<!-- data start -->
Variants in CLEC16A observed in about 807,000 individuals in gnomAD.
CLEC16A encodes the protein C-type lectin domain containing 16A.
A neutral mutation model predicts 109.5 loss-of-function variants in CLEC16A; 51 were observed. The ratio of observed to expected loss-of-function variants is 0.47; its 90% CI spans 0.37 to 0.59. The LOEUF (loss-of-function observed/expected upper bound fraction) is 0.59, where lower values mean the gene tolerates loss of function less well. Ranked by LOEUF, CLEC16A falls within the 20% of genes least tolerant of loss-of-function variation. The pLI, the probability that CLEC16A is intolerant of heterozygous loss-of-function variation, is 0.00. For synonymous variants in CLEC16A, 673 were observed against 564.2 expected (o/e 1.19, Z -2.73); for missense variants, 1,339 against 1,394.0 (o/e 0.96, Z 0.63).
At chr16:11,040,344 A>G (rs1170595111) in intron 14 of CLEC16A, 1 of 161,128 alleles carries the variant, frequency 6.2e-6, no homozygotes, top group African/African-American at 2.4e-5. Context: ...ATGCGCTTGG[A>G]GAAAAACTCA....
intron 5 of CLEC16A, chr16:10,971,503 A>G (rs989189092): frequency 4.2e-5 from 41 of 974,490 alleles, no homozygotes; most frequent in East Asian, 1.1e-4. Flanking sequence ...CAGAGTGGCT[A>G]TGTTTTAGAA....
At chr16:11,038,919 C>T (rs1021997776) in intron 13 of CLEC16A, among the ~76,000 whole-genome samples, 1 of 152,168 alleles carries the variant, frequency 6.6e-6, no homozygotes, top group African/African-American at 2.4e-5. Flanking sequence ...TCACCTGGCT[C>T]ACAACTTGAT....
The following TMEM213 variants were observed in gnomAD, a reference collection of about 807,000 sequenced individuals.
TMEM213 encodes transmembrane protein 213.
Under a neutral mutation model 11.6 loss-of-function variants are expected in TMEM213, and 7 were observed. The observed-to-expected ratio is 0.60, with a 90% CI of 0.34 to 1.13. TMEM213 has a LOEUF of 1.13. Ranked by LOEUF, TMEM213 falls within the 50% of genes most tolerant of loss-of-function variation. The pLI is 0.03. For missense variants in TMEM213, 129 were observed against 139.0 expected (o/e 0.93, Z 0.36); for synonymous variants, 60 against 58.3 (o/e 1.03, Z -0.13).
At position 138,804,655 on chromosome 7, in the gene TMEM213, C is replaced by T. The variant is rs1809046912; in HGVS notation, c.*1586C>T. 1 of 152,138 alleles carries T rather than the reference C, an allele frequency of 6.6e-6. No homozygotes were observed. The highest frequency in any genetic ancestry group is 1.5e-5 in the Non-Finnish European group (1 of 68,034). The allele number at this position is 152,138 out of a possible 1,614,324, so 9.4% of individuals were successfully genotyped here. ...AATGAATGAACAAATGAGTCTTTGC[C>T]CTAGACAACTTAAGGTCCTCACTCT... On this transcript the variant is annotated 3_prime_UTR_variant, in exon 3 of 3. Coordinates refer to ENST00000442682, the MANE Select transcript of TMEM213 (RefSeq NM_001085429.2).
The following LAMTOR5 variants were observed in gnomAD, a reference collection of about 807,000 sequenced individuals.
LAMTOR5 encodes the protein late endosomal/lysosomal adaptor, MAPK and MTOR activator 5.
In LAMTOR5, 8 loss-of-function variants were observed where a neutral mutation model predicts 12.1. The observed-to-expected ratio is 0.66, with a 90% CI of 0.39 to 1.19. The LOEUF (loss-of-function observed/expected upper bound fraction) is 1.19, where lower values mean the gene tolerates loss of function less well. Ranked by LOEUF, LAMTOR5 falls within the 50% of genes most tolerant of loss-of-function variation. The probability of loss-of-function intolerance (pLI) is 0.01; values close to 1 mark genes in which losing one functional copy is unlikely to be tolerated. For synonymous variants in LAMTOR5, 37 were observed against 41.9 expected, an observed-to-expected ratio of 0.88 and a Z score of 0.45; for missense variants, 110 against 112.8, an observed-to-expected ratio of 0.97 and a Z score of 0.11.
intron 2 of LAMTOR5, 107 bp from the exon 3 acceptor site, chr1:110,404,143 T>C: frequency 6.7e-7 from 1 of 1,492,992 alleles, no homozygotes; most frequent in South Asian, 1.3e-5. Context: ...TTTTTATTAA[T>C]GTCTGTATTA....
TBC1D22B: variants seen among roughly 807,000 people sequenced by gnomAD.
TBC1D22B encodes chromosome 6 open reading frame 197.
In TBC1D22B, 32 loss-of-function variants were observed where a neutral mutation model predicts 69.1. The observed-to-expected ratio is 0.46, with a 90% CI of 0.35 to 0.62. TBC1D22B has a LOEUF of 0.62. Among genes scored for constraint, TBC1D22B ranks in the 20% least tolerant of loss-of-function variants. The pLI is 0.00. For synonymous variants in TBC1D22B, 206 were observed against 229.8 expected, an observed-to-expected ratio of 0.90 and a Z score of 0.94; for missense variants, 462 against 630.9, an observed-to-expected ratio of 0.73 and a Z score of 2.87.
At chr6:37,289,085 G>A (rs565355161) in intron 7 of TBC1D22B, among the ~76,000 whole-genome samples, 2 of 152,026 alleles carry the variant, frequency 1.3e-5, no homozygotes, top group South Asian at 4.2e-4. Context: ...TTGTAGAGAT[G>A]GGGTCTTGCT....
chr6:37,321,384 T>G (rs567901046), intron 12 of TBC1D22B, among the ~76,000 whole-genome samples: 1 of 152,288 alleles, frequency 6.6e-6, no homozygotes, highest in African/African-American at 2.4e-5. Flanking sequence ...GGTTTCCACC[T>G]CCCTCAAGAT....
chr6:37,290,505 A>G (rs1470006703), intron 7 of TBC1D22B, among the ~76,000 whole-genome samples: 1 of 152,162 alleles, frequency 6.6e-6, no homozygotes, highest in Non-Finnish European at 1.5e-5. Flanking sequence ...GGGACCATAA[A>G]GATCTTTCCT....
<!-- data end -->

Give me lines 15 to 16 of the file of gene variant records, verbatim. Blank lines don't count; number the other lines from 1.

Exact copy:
TBC1D22B: variants seen among roughly 807,000 people sequenced by gnomAD.
TBC1D22B encodes chromosome 6 open reading frame 197.